When it comes to the holiday season, I’m certainly not the most traditional. But, there is one holiday that I do rather enjoy and prefer not to miss out on – and that’s Thanksgiving. For the food and for the thanks.
Now that I live in Australia, obviously celebrating Thanksgiving isn't a thing. I couldn’t even stream the Macy’s Thanksgiving Day Parade over here! Nonetheless, we still managed to celebrate with some turkey and stuffing. We were in a room where the Americans outnumbered the Aussies. That never happens!
When I lived at home, we’d usually wake up on the morning of Thanksgiving and have cinnamon rolls for breakfast (or something else massively unhealthy) and gather round to watch the parade on TV. We’d head over to my Nani and Papa’s house relatively early and dinner happened around 2:00 – lasting well into the evening, going back for seconds… and thirds.
Then I moved to Orlando where Thanksgiving meant dancing in the streets, waving to excited tourists, and watching my friends high kick in front of the Christmas tree at Universal. I celebrated with a friend-filled holiday potlucks and I think of those memories fondly.
Cut to two Thanksgivings living on a ship where I probably spent the day on a Caribbean beach and feasted on every holiday staple imaginable they'd make for us at the mess. And then I probably went a danced in a production show. Not too shabby there, either.
But now, I’m excited bring the American tradition to my new home in Australia.
Here’s how I celebrated my first Thanksgiving in Oz.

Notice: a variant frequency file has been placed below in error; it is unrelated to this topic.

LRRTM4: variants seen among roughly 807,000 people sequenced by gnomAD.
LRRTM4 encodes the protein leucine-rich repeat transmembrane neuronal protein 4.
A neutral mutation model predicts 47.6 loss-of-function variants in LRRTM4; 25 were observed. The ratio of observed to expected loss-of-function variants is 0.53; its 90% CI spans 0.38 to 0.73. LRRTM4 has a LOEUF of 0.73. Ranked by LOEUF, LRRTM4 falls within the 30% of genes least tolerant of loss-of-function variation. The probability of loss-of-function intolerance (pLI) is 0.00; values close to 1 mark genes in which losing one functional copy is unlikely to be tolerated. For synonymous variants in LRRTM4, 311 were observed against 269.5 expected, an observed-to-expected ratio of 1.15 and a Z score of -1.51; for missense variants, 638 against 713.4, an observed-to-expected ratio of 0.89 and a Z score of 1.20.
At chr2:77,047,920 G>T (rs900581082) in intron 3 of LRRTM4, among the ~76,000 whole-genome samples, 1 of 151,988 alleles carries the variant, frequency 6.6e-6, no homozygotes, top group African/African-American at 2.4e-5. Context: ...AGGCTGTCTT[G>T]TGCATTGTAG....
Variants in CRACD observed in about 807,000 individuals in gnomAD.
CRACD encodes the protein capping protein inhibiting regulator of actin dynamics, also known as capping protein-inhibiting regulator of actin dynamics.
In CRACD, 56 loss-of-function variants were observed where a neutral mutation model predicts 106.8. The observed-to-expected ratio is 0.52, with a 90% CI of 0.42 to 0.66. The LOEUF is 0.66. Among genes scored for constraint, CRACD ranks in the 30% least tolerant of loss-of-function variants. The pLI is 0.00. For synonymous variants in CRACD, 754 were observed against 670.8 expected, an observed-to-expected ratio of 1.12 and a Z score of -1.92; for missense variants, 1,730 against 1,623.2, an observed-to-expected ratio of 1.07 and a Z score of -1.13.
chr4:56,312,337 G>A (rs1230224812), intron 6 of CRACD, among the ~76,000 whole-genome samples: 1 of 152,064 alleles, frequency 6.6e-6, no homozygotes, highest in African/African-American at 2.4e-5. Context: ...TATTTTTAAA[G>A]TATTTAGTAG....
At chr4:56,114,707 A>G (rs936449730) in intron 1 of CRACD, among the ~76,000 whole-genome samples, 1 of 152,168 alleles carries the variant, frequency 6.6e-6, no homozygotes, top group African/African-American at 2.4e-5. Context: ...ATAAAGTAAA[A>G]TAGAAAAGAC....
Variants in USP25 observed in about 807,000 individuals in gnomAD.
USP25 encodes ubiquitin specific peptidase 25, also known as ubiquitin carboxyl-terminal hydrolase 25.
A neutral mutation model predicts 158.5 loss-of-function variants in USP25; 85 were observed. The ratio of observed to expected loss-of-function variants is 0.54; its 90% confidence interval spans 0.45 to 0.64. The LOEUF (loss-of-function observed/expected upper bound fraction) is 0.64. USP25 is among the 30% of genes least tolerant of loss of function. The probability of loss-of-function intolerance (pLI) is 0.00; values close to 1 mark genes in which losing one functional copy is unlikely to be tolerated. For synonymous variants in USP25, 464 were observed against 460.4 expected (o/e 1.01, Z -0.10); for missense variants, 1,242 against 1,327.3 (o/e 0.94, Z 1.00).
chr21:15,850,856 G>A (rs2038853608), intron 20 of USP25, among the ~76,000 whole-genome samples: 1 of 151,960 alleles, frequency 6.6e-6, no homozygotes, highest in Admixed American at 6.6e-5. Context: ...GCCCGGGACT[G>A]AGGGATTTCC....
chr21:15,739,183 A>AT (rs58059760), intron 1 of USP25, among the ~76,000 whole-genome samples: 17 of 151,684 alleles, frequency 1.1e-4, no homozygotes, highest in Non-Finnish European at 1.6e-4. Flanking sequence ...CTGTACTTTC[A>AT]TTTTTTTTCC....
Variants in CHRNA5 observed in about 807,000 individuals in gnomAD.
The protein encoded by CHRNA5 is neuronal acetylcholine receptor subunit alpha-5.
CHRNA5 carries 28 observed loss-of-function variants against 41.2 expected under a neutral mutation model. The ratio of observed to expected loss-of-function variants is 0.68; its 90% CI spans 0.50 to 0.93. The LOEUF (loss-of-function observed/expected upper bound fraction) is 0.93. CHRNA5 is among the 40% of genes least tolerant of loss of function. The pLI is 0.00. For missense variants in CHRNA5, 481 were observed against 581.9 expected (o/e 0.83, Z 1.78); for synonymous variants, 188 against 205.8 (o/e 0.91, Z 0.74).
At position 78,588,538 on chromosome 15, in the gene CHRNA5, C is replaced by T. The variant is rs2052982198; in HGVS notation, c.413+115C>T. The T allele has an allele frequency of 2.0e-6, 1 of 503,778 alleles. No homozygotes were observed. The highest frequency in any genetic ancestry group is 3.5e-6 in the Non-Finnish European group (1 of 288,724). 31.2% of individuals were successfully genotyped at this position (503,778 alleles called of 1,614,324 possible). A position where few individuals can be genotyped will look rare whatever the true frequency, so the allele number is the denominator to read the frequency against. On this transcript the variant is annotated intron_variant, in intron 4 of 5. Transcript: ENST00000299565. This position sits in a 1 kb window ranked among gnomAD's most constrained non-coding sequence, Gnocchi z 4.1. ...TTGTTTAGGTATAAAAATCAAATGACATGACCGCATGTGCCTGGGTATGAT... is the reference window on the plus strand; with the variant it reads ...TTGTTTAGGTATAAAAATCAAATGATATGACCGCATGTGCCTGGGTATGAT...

Attempting Traditional American Recipes
While grocery shopping a few weeks before the holiday, I casually mentioned to Isaac that we should have an American-style feast to celebrate. Even better, he suggested spending the holiday with Steve (Isaac’s friend/mentor/bandmate) and his American wife, Jodie. We were pleased to find out they’d already invited over two other Americans, Meta and David for the occasion and that we were more than welcome to join.
The interesting part was deciding what to cook and how to do it using Aussie ingredients.
Green bean casserole is probably my favorite Thanksgiving dish. Well, pumpkin pie is another fav. Oh, and pecan pie. Ok, well it’s still in the top three. Plus, Isaac has never had green bean casserole! So I'd better make it good...
Road block: French’s French Fried Onions in that oh-so-convenient can don’t exist here. (They do sell it online though via a website called USA Foods which I may have to order from in the future when I just need American food.)
I also wanted to make homemade cranberry sauce which I’d never attempted before and thought it would be an easy addition to the meal and make it truly traditional.
Road block: Apparently South Brisbane is completely out of cranberries and I couldn’t find them anywhere. Summer here begins on December 1 so they’re actually out of season. Sadly, no cranberry sauce graced our Thanksgiving turkey.
Regardless of the roadblocks, here’s how I made green bean casserole for a traditional American Thanksgiving dinner in Australia, using Aussie ingredients.
Making Classic Green Bean Casserole
For a bit of background, we live within walking distance from an Aldi grocery store. Super convenient, but if you’ve ever been to Aldi you’ll know it’s a truly an odd place and carries limited items. So, if you’re an American in Australia looking for the ingredients to green bean casserole, it’s best to hit up Coles or Woolies to get everything in one go.
You’ll also, of course, need a casserole dish to make this recipe. Again, conveniently, we live near a home goods store called Marcia’s on Montague where we got ours. It's insane how close we live to anything and everything you could possibly need... but I digress.
Onto the recipe.
I started with fresh green beans.